Korean adoptee

The poetically painful, yet often unspoken, moments in one adoptee's adoption experience

image_123986672.JPG

The Language of Blood by Jane Jeong Trenka explores the painful moments in an adoptee’s experience that are often overlooked, underplayed, or ignored. The author shares some of her innermost thoughts and feelings growing up in Minnesota as a transracial and transnational adoptee with her biological sister who was also adopted by a Minnesota couple. The memoir traverses the landscape of Korea and Minnesota, and the author’s Korean birth family and Minnesota adoptive family with care and frankness that some readers may find uncomfortable, especially adoptive parents. The author’s recounting of her frustrating and disheartening experiences with post-adoption support services through Lutheran Social Services MN, now Children’s Home Society/Lutheran Social Services (CHSLSS), in trying to access information about her own adoption history over 10 years ago was sadly an accurate portrayal common to many aodptees’ ongoing experiences with post-adoption services and support via adoption agencies. The author also gives us a glimpse into her family’s life and experience in Korea, and the circumstances at the time her Korean mother made the grueling decision that the author and her older sister were to be adopted and the lifelong impact of this decision for the author’s Korean and adoptive family.

Skimming some of the online reviews of this book, I found they ranged from supportive, to appreciative, to the not uncommon critique that embodies the “playing a victim, self-pitying, ungrateful adoptee”. Some of the critical comments were made by individuals who identified as either adoptees, adoptive parents, or family members who grew up with adopted siblings. While the author’s story and experience is important in its’ own right, and it is only one adoptee’s story, the reviews highlight the tenuous dance felt internally within adoptees and externally within adoptive families and the larger society between the ideas of “gratitude” for “being chosen/adopted/saved” and feeling of guilt/shame/confusion when adoptees also experience disenfranchised grief, ambiguous loss, anger, and sadness in response to the trauma inherent in the adoption experience.

There is an unspoken widely accepted belief that adoptees who feel anything but “gratitude” for being “chosen/adopted” are somehow “ungrateful, self-pitying, victims.” This false, yet dangerous narrative that is implicitly and explicitly told to adoptees from family, friends, peers, teachers, spiritual leaders, adoption agencies, post-adoption agencies, and media can lead to feelings of isolation, shame, guilt, anxiety, and depression. In truth, adoptees and humans in general can hold two opposing feelings at the same time and both are valid. An adoptee can feel love for their adoptive family and birth family without being it being an either or situation. An adoptee can feel sadness and appreciation for their adoption experience. An adoptee can feel anger and love for adoptive families and birth families. An adoptee can long to search for their birth family and know more about their story, and also love and appreciate their adoptive family. Refusing to allow adoptees, adoptive families, and birth families to have permission to feel whatever they are feeling, and be able to share their own personal stories is only leading to disconnection as individuals and families. Connection, sense of belonging, and validation are essential to our experiences as human beings and individuals part of the adoption community.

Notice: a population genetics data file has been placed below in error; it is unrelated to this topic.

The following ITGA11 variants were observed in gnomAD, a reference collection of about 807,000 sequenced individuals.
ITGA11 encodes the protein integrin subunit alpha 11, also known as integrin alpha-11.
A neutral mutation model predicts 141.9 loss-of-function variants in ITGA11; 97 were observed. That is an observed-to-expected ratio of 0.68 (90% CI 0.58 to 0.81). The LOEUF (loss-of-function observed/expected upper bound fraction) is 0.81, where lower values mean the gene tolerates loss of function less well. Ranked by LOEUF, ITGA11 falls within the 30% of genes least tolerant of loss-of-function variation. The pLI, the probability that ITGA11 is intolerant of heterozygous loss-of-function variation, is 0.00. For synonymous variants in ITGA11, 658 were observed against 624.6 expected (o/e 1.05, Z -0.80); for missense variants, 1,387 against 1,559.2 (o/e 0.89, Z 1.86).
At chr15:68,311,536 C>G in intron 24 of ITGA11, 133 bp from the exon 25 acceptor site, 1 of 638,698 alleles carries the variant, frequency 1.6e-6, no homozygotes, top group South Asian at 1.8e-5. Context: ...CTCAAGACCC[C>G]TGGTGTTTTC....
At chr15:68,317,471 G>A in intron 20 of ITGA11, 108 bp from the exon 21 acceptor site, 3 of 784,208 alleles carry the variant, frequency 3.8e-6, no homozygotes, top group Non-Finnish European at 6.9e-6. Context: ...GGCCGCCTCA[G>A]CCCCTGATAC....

Book Review: The Dance of Identities: Korean Adoptees and their journey toward empowerment by John D. Palmer

This book explores the multiple identities inherent of the transracial and transcultural adoptee experience. While the author focuses attention on the Korean adoptee experienced, and is transparent about identifying as a Korean adoptee, the topics around race, culture and identity formation can be applicable in other transracial/transcultural adoptee experiences other than the Korean adoptee experience.

Identity as individuals is multifaceted and complex. Identities have the power to build and divide communities, nations, and families. We identify ourselves by race, gender, sexual orientation, culture, country of origin, region of where we were raised, school identity, familial identity roles, socioeconomic status, political orientation, religious/spiritual identities, etc. And as adoptees, our identities within our families and our communities inform and impact all of our other identities. This is particularly relevant when we are adoptees who were adopted by families of other races and other cultures other than our family of origins.

How identity is approached, explored, and discussed within adoptive families can be an uncomfortable, and yet a powerfully healing experience for adoptees and adoptive families. An important way adoptive families can support and empower adoptees is by initiating these conversations about identity and making it part of the regular conversations as a family versus the approach “ we won’t talk about issues related to identity” until the adoptee “brings up the topic. Talking about the “dance of identities” adoptees face daily throughout their lives also requires adoptive families to examine their own privilege, views, and experiences related to race, racism, and culture.  Being able to discuss identity issues adoptees experience requires adoptive families to do their own work and education to be able to have meaningful discussions that are validating and empowering.

Mr. Palmer’s book validates many experiences transracial/transcultural adoptees experience related to identity, provides a well-informed narrative that may help adoptive families understand the Korean adoptee experience, and is place to help families have a place to start to have these difficult conversations.